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Dear teachers,

Would you please tell me if the following phrases are adjectival or nominal ?

1) A beautiful young girl won the race.

2) The French boy will leave in June.

3) The very little boy broke his leg.

4) The old building opposite our school is being pulled down.

5) Someone remarkable saved her uncle’s life.

How do you differenciate a nominal phrase from an adjectival one?
Thanks a lot,

Hela
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Comments  
Hello Hela

I'll parse your sentences as follows.

The parenthesis […] means the entity is a noun phrase. And the underlined part is an adjective phrase. Please understand sometimes a noun phrase includes an adjective and sometimes an adjective phrase includes a noun phrase.

1) A beautiful young girl won the race.
[A beautiful young girl] won [the race].
2) The French boy will leave in June.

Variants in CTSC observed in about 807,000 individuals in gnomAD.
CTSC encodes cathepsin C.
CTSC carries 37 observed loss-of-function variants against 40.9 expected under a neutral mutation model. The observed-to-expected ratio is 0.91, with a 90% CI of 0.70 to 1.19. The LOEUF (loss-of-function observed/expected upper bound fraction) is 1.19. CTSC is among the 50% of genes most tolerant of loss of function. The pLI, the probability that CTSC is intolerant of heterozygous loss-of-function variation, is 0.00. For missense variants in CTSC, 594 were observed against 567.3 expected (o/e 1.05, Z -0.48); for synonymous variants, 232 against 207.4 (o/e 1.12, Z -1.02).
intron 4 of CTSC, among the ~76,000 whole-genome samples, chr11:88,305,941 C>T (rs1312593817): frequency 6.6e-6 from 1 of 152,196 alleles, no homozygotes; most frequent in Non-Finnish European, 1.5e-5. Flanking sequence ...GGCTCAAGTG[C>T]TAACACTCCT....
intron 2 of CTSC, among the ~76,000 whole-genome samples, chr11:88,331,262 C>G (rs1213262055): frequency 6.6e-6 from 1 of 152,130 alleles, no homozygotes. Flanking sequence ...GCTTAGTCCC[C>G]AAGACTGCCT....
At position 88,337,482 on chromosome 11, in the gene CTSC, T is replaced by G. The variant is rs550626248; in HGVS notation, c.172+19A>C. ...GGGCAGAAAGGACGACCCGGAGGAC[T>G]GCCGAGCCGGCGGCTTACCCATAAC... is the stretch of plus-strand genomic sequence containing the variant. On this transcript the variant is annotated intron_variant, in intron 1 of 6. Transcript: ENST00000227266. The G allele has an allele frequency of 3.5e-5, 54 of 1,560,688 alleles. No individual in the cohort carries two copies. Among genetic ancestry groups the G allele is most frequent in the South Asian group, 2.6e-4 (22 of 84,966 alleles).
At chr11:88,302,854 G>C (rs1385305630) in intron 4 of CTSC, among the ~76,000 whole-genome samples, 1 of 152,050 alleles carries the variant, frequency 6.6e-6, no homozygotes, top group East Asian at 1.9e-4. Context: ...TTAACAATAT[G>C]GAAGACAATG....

[The French boy] will leave in [June].
3) The very little boy broke his leg.
[The very little boy] broke [his leg].
4) The old building opposite our school is being pulled down.
[The old building opposite our [school]] is being pulled down.
5) Someone remarkable saved her uncle’s life.
[Someone remarkable] saved [her [uncle]’s life].

paco
Hello,

Someone remarkable saved her uncle's life. Is it a correct sentence?

Should it be "Someone remarkably saved her uncle's life"?.
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Hi

I think "someone remarkable" is OK.

paco
"someone remarkable" is correct. It means "someone who is a remarkable person".
CJ
I would not have included determiners in the AdjP's. Is that usual?
CJ
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Hello CJ
CalifJimI would not have included determiners in the AdjP's. Is that usual?
I just followed the rules described in [url=http://www.grammarstation.com/servlet/GGuide?type=ADJLI] Grammar Guide[/url].

paco
Interesting. Radford (Transformational Grammar) never includes the determiner within the AdjP.
Dear Paco and Jim,

But could a subject have the form of an adjectival phrase or is it always a nominal ?

Thanks in advance,

Hela
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